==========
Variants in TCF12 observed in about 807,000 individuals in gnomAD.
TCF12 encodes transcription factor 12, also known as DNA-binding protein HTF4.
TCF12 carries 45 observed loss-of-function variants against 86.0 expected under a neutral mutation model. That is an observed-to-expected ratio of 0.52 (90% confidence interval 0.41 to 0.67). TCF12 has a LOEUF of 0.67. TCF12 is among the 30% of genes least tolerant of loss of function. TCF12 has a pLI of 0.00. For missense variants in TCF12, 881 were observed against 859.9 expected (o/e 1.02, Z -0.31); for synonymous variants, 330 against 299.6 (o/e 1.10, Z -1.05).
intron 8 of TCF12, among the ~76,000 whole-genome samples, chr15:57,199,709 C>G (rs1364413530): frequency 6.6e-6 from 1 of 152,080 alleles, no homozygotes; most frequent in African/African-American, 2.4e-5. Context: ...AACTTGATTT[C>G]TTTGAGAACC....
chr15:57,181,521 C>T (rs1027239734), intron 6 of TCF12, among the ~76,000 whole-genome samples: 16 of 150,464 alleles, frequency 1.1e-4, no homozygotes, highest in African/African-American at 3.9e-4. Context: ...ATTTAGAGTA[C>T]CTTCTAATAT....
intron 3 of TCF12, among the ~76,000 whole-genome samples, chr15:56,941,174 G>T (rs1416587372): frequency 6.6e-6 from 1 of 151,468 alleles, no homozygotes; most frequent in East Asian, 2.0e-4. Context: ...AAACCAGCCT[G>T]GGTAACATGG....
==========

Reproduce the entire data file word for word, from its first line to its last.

Variants in TCF12 observed in about 807,000 individuals in gnomAD.
TCF12 encodes transcription factor 12, also known as DNA-binding protein HTF4.
TCF12 carries 45 observed loss-of-function variants against 86.0 expected under a neutral mutation model. That is an observed-to-expected ratio of 0.52 (90% confidence interval 0.41 to 0.67). TCF12 has a LOEUF of 0.67. TCF12 is among the 30% of genes least tolerant of loss of function. TCF12 has a pLI of 0.00. For missense variants in TCF12, 881 were observed against 859.9 expected (o/e 1.02, Z -0.31); for synonymous variants, 330 against 299.6 (o/e 1.10, Z -1.05).
intron 8 of TCF12, among the ~76,000 whole-genome samples, chr15:57,199,709 C>G (rs1364413530): frequency 6.6e-6 from 1 of 152,080 alleles, no homozygotes; most frequent in African/African-American, 2.4e-5. Context: ...AACTTGATTT[C>G]TTTGAGAACC....
chr15:57,181,521 C>T (rs1027239734), intron 6 of TCF12, among the ~76,000 whole-genome samples: 16 of 150,464 alleles, frequency 1.1e-4, no homozygotes, highest in African/African-American at 3.9e-4. Context: ...ATTTAGAGTA[C>T]CTTCTAATAT....
intron 3 of TCF12, among the ~76,000 whole-genome samples, chr15:56,941,174 G>T (rs1416587372): frequency 6.6e-6 from 1 of 151,468 alleles, no homozygotes; most frequent in East Asian, 2.0e-4. Context: ...AAACCAGCCT[G>T]GGTAACATGG....